Knowledge Management

The leadership in firms across the country is aging, and most are concerned with where the next wave of leaders will come from. While this is a valid concern, and one I’ve written about in my last two columns, it unfortunately isn’t the only issue we need to be worried about.

Equally important is what will happen to all the wisdom, experience and knowledge that these seasoned professionals have built up in their heads over the years when they call it quits. If knowledge management hasn’t hit your firm’s radar yet, I’d suggest you take a look at your firm’s strategic priorities.

What is it?
Knowledge management is a process to embrace knowledge as a strategic asset to drive sustainable business advantage and promote a “one firm” approach to identify, capture, evaluate, enhance and share a firm’s intellectual capital. In other words, it is your firm’s system for capturing, managing and re-using the knowledge that resides in electronic documents on your network or, more important, the tacit knowledge that is in your employees’ heads.

Knowledge management, however, is not about the technology systems that you implement. Technology enables you to gain a return on the knowledge in your firm.

Knowledge Management is:

Knowledge Management is NOT:

A system focused on people, processes and procedures.

A system focused on technology.

Focused on improving business performance.

A single technology or technique that can solve your knowledge management issues.

A long-term, continuing initiative.

An event.


Tacit vs. explicit knowledge
Tacit knowledge is knowledge that has been developed and internalized over a period of time, entailing so much accrued and embedded learning that it is often difficult to differentiate from an employee’s day-to-day behavior. It’s natural to take for granted the widespread awareness of this information: “I know that, why doesn’t everyone else know it?” Tacit knowledge can be shared and re-used through casual conversation, but is rarely captured in an electronic format.

Explicit knowledge, on the other hand, is formal, documented and can be easily shared, organized and re-used. Explicit knowledge typically comes in the form of books, documents, white papers, databases and policy manuals.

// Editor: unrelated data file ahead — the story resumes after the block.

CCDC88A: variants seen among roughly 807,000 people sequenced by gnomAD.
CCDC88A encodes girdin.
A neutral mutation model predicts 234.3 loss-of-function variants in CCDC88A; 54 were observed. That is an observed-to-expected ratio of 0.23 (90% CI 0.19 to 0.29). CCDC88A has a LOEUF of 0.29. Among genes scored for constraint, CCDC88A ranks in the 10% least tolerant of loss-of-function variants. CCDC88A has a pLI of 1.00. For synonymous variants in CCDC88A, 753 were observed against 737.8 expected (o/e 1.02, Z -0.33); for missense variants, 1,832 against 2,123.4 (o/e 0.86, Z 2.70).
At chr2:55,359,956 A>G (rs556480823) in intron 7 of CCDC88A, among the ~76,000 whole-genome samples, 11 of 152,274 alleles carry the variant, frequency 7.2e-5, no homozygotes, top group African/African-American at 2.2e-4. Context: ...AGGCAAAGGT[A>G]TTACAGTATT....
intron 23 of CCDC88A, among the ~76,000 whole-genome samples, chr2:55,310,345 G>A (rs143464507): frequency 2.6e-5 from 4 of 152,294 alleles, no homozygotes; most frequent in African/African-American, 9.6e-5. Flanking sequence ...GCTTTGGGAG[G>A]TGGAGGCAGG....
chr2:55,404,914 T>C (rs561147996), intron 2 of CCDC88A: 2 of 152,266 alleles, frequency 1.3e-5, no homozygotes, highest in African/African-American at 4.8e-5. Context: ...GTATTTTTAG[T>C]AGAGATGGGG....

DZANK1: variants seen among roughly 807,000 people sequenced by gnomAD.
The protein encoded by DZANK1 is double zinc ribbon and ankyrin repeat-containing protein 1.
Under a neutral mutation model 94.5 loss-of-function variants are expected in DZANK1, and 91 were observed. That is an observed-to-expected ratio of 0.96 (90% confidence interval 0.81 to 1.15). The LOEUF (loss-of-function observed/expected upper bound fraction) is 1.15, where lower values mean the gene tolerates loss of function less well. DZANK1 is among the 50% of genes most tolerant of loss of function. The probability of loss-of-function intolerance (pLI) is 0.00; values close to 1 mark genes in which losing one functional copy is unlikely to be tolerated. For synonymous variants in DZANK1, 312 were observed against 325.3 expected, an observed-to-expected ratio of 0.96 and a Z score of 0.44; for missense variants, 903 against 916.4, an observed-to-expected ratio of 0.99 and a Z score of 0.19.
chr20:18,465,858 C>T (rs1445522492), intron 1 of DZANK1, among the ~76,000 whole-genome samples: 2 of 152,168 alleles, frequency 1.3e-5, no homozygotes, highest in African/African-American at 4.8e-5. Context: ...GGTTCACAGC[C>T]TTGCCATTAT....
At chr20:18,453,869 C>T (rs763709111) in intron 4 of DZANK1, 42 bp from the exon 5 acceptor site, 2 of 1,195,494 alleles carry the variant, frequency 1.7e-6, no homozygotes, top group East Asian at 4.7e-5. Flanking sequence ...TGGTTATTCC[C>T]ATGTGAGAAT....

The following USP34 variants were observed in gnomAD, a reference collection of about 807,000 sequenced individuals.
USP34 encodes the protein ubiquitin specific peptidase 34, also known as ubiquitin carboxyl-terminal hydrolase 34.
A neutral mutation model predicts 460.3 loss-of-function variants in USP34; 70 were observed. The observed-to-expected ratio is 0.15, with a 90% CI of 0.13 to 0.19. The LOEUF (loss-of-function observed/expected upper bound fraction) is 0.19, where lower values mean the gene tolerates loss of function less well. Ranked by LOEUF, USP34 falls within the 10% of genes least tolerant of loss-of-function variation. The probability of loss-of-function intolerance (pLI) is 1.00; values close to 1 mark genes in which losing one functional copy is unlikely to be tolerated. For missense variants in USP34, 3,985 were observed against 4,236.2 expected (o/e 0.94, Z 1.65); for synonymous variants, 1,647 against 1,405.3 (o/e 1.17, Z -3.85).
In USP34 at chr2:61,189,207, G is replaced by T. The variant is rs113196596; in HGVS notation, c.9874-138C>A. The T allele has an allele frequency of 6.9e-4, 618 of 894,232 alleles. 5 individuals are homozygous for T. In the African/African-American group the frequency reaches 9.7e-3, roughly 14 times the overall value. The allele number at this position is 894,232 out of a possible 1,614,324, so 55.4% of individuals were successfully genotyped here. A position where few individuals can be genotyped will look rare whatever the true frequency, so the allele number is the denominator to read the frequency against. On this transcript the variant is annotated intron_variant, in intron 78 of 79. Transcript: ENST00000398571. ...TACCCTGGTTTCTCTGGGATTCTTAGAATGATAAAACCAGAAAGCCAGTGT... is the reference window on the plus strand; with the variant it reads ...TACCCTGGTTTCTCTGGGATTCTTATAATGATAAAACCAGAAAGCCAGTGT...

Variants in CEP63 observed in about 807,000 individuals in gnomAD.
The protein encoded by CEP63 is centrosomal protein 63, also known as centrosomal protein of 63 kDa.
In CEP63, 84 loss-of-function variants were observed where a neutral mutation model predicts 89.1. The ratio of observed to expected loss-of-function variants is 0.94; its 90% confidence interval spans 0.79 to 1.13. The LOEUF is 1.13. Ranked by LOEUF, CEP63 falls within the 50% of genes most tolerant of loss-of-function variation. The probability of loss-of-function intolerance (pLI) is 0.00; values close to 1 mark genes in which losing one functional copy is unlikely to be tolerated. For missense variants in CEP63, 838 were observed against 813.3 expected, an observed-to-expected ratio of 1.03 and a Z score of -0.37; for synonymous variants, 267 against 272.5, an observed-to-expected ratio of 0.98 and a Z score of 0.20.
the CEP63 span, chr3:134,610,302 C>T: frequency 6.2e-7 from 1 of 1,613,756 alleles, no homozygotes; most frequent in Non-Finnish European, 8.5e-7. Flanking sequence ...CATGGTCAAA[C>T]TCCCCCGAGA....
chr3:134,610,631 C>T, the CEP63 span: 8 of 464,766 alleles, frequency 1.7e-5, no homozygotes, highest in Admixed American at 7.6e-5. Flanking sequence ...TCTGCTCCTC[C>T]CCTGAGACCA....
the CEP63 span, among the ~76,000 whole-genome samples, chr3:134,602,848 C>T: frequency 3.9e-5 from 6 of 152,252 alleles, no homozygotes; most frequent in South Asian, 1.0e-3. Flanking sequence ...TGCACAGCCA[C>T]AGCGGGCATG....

Why is it important?
We will face a significant leadership transition over the next few years as seasoned professionals retire, and many firms will be at risk of a significant amount of knowledge walking out the door with these retirees. Without a formal knowledge management system in place, much of the tacit knowledge that individuals assume everyone else knows will be lost – and won’t be missed until it has already left the firm.

Even without the impending leadership shift, knowledge sharing and collaboration is simply an operational best practice. Firms that share knowledge are more collaborative, efficient and profitable. Corporate America recognized this years ago, and that is why a majority of the Fortune 500 companies already have a knowledge management system in place. Recently, more and more accounting firms have started to recognize the positive impact such a system can have on their organizations.

Knowledge Management Components
Many people fall into the trap of thinking document management is the same thing as knowledge management. A knowledge management system incorporates several key building blocks, one of which is a document management system. The critical components of Knowledge Management include:

  • Document management
  • Search
  • Skills database/expert profiles
  • Online question and answer
  • Collaboration & project workspaces
  • Knowledge portal
  • Incentives and accountability

What are the benefits?
There are many benefits associated with a knowledge management system, some of which include:

  • Improved decision making;
  • Improved customer service;
  • Improved response to business issues;
  • Enhanced employee skills;
  • Improved productivity;
  • Increased profits;
  • Sharing of best practices; and,
  • Employee attraction/retention.

What are the challenges?
As with any initiative that requires a major shift in culture, processes and behaviors, there will be challenges to overcome:

  • Change management
  • Aligning incentives with firm goals
  • Accountability
  • Technology vs. firm project
  • “Knowledge hoarders” – protecting job security
  • “Client hoarders” – protecting book of business

Conclusion

While finding the next generation of leaders should be at the top of your priority list, right up there with it must be equipping them with the knowledge and skills to be successful. Implementing knowledge management today is the only way to adequately prepare for that day in the future when the transfer of power will occur.

A knowledge management system will help to both organize your firm’s explicit knowledge and to facilitate the capture and transformation of tacit knowledge into explicit. Knowledge management requires a major cultural change and has its challenges. However, the benefits outweigh the effort.

 

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